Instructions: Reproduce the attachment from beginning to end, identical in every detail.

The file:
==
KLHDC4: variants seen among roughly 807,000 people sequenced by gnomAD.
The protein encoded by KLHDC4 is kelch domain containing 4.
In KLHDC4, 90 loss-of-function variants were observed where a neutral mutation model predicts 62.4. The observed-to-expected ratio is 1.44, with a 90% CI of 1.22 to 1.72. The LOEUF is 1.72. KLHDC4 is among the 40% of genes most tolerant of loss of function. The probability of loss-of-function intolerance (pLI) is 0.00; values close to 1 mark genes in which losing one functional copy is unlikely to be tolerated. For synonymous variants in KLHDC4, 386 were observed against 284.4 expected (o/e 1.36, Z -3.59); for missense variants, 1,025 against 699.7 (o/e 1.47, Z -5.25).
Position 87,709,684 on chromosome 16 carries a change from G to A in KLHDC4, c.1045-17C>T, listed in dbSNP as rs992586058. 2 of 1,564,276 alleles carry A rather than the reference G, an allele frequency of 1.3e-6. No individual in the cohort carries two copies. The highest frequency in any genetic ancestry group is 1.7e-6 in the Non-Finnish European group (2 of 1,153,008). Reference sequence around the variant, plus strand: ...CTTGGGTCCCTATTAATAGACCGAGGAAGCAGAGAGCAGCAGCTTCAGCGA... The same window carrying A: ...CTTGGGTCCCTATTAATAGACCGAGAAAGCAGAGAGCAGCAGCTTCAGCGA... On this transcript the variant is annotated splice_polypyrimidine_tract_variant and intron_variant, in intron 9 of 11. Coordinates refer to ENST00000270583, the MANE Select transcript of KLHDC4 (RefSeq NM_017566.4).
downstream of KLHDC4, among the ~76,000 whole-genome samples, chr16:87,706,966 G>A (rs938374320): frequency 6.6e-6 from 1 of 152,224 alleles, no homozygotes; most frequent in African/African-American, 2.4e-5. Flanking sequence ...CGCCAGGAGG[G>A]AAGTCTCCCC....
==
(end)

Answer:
KLHDC4: variants seen among roughly 807,000 people sequenced by gnomAD.
The protein encoded by KLHDC4 is kelch domain containing 4.
In KLHDC4, 90 loss-of-function variants were observed where a neutral mutation model predicts 62.4. The observed-to-expected ratio is 1.44, with a 90% CI of 1.22 to 1.72. The LOEUF is 1.72. KLHDC4 is among the 40% of genes most tolerant of loss of function. The probability of loss-of-function intolerance (pLI) is 0.00; values close to 1 mark genes in which losing one functional copy is unlikely to be tolerated. For synonymous variants in KLHDC4, 386 were observed against 284.4 expected (o/e 1.36, Z -3.59); for missense variants, 1,025 against 699.7 (o/e 1.47, Z -5.25).
Position 87,709,684 on chromosome 16 carries a change from G to A in KLHDC4, c.1045-17C>T, listed in dbSNP as rs992586058. 2 of 1,564,276 alleles carry A rather than the reference G, an allele frequency of 1.3e-6. No individual in the cohort carries two copies. The highest frequency in any genetic ancestry group is 1.7e-6 in the Non-Finnish European group (2 of 1,153,008). Reference sequence around the variant, plus strand: ...CTTGGGTCCCTATTAATAGACCGAGGAAGCAGAGAGCAGCAGCTTCAGCGA... The same window carrying A: ...CTTGGGTCCCTATTAATAGACCGAGAAAGCAGAGAGCAGCAGCTTCAGCGA... On this transcript the variant is annotated splice_polypyrimidine_tract_variant and intron_variant, in intron 9 of 11. Coordinates refer to ENST00000270583, the MANE Select transcript of KLHDC4 (RefSeq NM_017566.4).
downstream of KLHDC4, among the ~76,000 whole-genome samples, chr16:87,706,966 G>A (rs938374320): frequency 6.6e-6 from 1 of 152,224 alleles, no homozygotes; most frequent in African/African-American, 2.4e-5. Flanking sequence ...CGCCAGGAGG[G>A]AAGTCTCCCC....